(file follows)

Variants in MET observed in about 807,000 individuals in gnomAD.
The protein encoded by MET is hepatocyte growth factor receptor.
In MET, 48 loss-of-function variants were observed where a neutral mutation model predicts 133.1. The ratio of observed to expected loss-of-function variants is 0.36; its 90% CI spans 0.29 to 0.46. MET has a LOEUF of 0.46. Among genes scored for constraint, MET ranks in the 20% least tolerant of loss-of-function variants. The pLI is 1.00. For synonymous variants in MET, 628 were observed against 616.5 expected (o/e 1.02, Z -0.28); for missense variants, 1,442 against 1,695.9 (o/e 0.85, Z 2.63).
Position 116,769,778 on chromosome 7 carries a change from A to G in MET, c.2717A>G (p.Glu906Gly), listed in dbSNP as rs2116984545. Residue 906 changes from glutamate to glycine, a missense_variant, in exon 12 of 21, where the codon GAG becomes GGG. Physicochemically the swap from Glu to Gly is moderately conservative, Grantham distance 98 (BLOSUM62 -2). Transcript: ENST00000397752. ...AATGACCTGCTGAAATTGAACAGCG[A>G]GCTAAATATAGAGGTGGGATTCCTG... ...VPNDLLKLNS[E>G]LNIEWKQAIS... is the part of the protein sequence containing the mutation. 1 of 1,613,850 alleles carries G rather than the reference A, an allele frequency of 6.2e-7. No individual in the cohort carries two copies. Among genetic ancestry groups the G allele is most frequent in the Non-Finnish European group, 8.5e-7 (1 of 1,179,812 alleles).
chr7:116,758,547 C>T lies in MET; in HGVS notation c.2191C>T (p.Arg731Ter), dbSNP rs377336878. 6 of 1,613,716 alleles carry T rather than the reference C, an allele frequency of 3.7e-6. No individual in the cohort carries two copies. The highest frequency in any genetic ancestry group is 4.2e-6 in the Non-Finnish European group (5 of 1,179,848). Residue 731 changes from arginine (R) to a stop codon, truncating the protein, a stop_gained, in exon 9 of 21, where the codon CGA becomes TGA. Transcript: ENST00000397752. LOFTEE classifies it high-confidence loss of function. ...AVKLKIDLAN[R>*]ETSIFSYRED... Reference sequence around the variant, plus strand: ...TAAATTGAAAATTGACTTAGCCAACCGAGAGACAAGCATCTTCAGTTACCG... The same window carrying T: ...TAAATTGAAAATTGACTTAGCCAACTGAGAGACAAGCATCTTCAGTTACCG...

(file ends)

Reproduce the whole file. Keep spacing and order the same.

Variants in MET observed in about 807,000 individuals in gnomAD.
The protein encoded by MET is hepatocyte growth factor receptor.
In MET, 48 loss-of-function variants were observed where a neutral mutation model predicts 133.1. The ratio of observed to expected loss-of-function variants is 0.36; its 90% CI spans 0.29 to 0.46. MET has a LOEUF of 0.46. Among genes scored for constraint, MET ranks in the 20% least tolerant of loss-of-function variants. The pLI is 1.00. For synonymous variants in MET, 628 were observed against 616.5 expected (o/e 1.02, Z -0.28); for missense variants, 1,442 against 1,695.9 (o/e 0.85, Z 2.63).
Position 116,769,778 on chromosome 7 carries a change from A to G in MET, c.2717A>G (p.Glu906Gly), listed in dbSNP as rs2116984545. Residue 906 changes from glutamate to glycine, a missense_variant, in exon 12 of 21, where the codon GAG becomes GGG. Physicochemically the swap from Glu to Gly is moderately conservative, Grantham distance 98 (BLOSUM62 -2). Transcript: ENST00000397752. ...AATGACCTGCTGAAATTGAACAGCG[A>G]GCTAAATATAGAGGTGGGATTCCTG... ...VPNDLLKLNS[E>G]LNIEWKQAIS... is the part of the protein sequence containing the mutation. 1 of 1,613,850 alleles carries G rather than the reference A, an allele frequency of 6.2e-7. No individual in the cohort carries two copies. Among genetic ancestry groups the G allele is most frequent in the Non-Finnish European group, 8.5e-7 (1 of 1,179,812 alleles).
chr7:116,758,547 C>T lies in MET; in HGVS notation c.2191C>T (p.Arg731Ter), dbSNP rs377336878. 6 of 1,613,716 alleles carry T rather than the reference C, an allele frequency of 3.7e-6. No individual in the cohort carries two copies. The highest frequency in any genetic ancestry group is 4.2e-6 in the Non-Finnish European group (5 of 1,179,848). Residue 731 changes from arginine (R) to a stop codon, truncating the protein, a stop_gained, in exon 9 of 21, where the codon CGA becomes TGA. Transcript: ENST00000397752. LOFTEE classifies it high-confidence loss of function. ...AVKLKIDLAN[R>*]ETSIFSYRED... Reference sequence around the variant, plus strand: ...TAAATTGAAAATTGACTTAGCCAACCGAGAGACAAGCATCTTCAGTTACCG... The same window carrying T: ...TAAATTGAAAATTGACTTAGCCAACTGAGAGACAAGCATCTTCAGTTACCG...